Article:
The Wright 3. By Blue Balliett. Illustrated by Brett Helquist. Scholastic. $16.99.
Blue Balliett’s second art-related mystery is even more self-assured than her first, the bestselling Chasing Vermeer. Like its predecessor – which was Balliett’s first book – The Wright 3 is deftly plotted, with likable (if not entirely real-seeming) characters and a fascinating mystery that incorporates genuine artistic – in this case, architectural – knowledge and information.
The book is aimed at readers roughly the same age its three eponymous protagonists, who are not quite 13, and it has the fast pacing and intrigue sure to appeal to this age group. But there is more here: Balliett has figured out how to take real-world mysteries, add a few fictional but plausible ones, and create a book that explores subjects (such as art and architecture) that are taught dully in school, if they are taught at all.
The focus here is the Frederick C. Robie House, commissioned from Wright in 1908 and completed by him in 1910. It still stands in Chicago and is now protected, after nearly being demolished in 1941 and again in 1957. Balliett’s book places the house in jeopardy yet again, with young detectives Petra and Calder, along with Calder’s friend, Tommy, setting out to preserve it.
There are nefarious doings afoot – there is, in fact, something literally fishy about certain plans for the house (that’s a clue). Balliett also introduces a ghost (maybe), a hidden treasure (definitely), and a coded message (extremely cleverly). And she really makes readers think about what art is, as when the kids’ teacher, Ms. Hussey, has students create a list of what makes the Robie House qualify or not qualify as art. In the YES column, for instance, one writes, “Art should have surprises. The house looks like [sic] it’s full of places to go in and out and change directions.” In the NO column, one entry says, “Art shouldn’t be dangerous. This house looks like [sic] it has too many places for a kid to fall.” The point is not whether these criteria are right or wrong – the point is that Balliett wants readers to think about their criteria for art, and whether they agree or disagree with the comments of Ms. Hussey’s class.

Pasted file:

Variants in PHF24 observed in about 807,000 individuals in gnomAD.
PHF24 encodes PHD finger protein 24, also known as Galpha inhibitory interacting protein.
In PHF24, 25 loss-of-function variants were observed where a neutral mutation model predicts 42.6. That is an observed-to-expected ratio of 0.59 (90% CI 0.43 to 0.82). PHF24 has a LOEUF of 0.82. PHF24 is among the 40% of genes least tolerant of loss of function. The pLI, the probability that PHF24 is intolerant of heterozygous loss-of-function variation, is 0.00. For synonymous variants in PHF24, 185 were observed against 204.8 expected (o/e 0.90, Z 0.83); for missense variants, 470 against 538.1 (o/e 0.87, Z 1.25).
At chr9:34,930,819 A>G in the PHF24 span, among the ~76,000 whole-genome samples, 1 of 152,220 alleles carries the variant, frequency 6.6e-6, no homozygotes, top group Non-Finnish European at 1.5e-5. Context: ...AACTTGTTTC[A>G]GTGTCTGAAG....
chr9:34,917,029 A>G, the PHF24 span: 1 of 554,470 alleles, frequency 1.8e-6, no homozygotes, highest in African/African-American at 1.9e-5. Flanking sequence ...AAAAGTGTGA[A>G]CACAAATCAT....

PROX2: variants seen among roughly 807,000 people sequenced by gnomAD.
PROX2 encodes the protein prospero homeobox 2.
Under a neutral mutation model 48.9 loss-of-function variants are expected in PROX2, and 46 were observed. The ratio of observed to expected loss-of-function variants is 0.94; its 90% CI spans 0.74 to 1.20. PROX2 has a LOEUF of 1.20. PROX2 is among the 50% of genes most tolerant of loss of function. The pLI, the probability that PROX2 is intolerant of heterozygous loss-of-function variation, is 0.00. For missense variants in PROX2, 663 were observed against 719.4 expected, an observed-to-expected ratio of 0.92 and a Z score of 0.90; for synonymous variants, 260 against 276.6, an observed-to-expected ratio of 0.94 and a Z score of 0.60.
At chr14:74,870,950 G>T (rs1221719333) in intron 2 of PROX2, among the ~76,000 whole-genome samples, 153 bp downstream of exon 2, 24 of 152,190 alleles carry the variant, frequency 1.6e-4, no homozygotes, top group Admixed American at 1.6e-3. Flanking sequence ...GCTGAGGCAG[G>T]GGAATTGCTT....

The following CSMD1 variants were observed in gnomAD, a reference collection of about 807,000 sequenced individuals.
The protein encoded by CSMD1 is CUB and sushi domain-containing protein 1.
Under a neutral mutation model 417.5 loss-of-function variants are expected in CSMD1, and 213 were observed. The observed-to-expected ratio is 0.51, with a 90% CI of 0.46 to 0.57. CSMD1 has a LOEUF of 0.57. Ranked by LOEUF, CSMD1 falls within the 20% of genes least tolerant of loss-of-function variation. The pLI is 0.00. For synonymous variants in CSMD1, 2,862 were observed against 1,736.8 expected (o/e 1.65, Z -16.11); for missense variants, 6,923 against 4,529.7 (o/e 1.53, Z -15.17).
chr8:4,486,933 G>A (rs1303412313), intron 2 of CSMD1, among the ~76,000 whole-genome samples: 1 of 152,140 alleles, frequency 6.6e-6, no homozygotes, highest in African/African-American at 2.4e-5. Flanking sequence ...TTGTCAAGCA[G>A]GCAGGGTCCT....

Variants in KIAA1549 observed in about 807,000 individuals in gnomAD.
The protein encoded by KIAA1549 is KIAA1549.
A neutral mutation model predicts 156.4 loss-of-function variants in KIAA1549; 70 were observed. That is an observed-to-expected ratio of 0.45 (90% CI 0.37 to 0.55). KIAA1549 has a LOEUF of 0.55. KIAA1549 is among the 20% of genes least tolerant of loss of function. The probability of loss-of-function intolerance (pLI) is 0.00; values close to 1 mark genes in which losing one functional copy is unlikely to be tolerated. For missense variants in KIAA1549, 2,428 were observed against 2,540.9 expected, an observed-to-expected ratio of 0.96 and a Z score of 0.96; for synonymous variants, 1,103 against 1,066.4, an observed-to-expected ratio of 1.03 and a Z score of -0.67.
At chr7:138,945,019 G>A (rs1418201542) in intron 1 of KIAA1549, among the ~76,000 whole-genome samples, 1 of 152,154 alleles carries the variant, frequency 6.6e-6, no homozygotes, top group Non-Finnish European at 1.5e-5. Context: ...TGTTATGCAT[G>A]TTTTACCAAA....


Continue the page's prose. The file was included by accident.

The Wright 3 would not succeed if it were merely a didactic novel, of course. And in fact, kids can simply read it as a fast-paced mystery story and enjoy it thoroughly – though not completely. Petra, Calder and Tommy do face danger and bad guys and all sorts of uncertainties here, and they do handle their adventure with the usual pluck. Even at the surface level, the book is fun. But there is more here, both in the writing and in the illustrations: the angularity and occasionally odd perspectives of Brett Helquist’s paintings put one in mind of Wright himself, and Helquist’s pictures contain an imaginative visual puzzle that readers will enjoy solving on their own – during or after their enjoyment of matching wits with the heroes of The Wright 3 and the book’s clever and intellectually adept author.
May 11, 2006
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